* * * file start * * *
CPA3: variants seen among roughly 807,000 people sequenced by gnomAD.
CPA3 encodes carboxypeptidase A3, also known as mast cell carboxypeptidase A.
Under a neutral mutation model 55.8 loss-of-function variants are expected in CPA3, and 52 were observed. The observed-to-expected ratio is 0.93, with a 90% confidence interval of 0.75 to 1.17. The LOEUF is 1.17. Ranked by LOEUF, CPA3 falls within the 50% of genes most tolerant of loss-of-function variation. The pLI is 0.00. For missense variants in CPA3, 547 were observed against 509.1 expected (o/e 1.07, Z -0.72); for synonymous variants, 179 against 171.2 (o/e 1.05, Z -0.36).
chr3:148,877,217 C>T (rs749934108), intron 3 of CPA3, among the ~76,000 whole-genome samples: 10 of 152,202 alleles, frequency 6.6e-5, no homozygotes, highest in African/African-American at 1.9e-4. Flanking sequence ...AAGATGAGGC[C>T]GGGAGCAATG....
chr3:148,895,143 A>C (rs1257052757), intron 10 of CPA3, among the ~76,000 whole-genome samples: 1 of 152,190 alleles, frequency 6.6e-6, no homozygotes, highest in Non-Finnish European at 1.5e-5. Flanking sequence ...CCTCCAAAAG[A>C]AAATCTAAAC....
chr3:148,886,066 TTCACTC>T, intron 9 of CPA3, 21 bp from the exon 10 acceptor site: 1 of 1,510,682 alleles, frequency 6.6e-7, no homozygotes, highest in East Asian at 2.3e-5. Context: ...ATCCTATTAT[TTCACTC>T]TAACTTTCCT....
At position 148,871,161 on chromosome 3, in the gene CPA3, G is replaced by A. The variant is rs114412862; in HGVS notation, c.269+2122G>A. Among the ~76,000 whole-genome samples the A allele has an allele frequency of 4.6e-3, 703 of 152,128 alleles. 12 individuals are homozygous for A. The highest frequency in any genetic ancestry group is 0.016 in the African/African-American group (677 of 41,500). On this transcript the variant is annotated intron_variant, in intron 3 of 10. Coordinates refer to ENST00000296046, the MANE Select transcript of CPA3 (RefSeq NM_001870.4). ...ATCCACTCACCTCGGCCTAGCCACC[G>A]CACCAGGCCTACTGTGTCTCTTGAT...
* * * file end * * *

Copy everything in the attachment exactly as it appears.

CPA3: variants seen among roughly 807,000 people sequenced by gnomAD.
CPA3 encodes carboxypeptidase A3, also known as mast cell carboxypeptidase A.
Under a neutral mutation model 55.8 loss-of-function variants are expected in CPA3, and 52 were observed. The observed-to-expected ratio is 0.93, with a 90% confidence interval of 0.75 to 1.17. The LOEUF is 1.17. Ranked by LOEUF, CPA3 falls within the 50% of genes most tolerant of loss-of-function variation. The pLI is 0.00. For missense variants in CPA3, 547 were observed against 509.1 expected (o/e 1.07, Z -0.72); for synonymous variants, 179 against 171.2 (o/e 1.05, Z -0.36).
chr3:148,877,217 C>T (rs749934108), intron 3 of CPA3, among the ~76,000 whole-genome samples: 10 of 152,202 alleles, frequency 6.6e-5, no homozygotes, highest in African/African-American at 1.9e-4. Flanking sequence ...AAGATGAGGC[C>T]GGGAGCAATG....
chr3:148,895,143 A>C (rs1257052757), intron 10 of CPA3, among the ~76,000 whole-genome samples: 1 of 152,190 alleles, frequency 6.6e-6, no homozygotes, highest in Non-Finnish European at 1.5e-5. Flanking sequence ...CCTCCAAAAG[A>C]AAATCTAAAC....
chr3:148,886,066 TTCACTC>T, intron 9 of CPA3, 21 bp from the exon 10 acceptor site: 1 of 1,510,682 alleles, frequency 6.6e-7, no homozygotes, highest in East Asian at 2.3e-5. Context: ...ATCCTATTAT[TTCACTC>T]TAACTTTCCT....
At position 148,871,161 on chromosome 3, in the gene CPA3, G is replaced by A. The variant is rs114412862; in HGVS notation, c.269+2122G>A. Among the ~76,000 whole-genome samples the A allele has an allele frequency of 4.6e-3, 703 of 152,128 alleles. 12 individuals are homozygous for A. The highest frequency in any genetic ancestry group is 0.016 in the African/African-American group (677 of 41,500). On this transcript the variant is annotated intron_variant, in intron 3 of 10. Coordinates refer to ENST00000296046, the MANE Select transcript of CPA3 (RefSeq NM_001870.4). ...ATCCACTCACCTCGGCCTAGCCACC[G>A]CACCAGGCCTACTGTGTCTCTTGAT...